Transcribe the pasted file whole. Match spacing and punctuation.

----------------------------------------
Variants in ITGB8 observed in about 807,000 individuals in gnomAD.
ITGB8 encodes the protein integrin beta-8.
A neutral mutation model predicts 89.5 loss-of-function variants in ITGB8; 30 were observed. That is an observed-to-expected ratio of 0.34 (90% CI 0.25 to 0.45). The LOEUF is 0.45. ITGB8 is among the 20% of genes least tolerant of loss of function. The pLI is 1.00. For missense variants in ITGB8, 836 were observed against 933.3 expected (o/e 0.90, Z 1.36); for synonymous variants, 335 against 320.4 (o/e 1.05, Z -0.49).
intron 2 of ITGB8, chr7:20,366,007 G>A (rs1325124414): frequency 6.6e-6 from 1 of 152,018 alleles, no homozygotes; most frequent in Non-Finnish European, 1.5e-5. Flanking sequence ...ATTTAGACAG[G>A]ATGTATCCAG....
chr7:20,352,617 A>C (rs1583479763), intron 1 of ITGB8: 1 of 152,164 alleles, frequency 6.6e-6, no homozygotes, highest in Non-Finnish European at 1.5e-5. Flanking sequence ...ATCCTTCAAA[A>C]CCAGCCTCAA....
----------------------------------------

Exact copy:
Variants in ITGB8 observed in about 807,000 individuals in gnomAD.
ITGB8 encodes the protein integrin beta-8.
A neutral mutation model predicts 89.5 loss-of-function variants in ITGB8; 30 were observed. That is an observed-to-expected ratio of 0.34 (90% CI 0.25 to 0.45). The LOEUF is 0.45. ITGB8 is among the 20% of genes least tolerant of loss of function. The pLI is 1.00. For missense variants in ITGB8, 836 were observed against 933.3 expected (o/e 0.90, Z 1.36); for synonymous variants, 335 against 320.4 (o/e 1.05, Z -0.49).
intron 2 of ITGB8, chr7:20,366,007 G>A (rs1325124414): frequency 6.6e-6 from 1 of 152,018 alleles, no homozygotes; most frequent in Non-Finnish European, 1.5e-5. Flanking sequence ...ATTTAGACAG[G>A]ATGTATCCAG....
chr7:20,352,617 A>C (rs1583479763), intron 1 of ITGB8: 1 of 152,164 alleles, frequency 6.6e-6, no homozygotes, highest in Non-Finnish European at 1.5e-5. Flanking sequence ...ATCCTTCAAA[A>C]CCAGCCTCAA....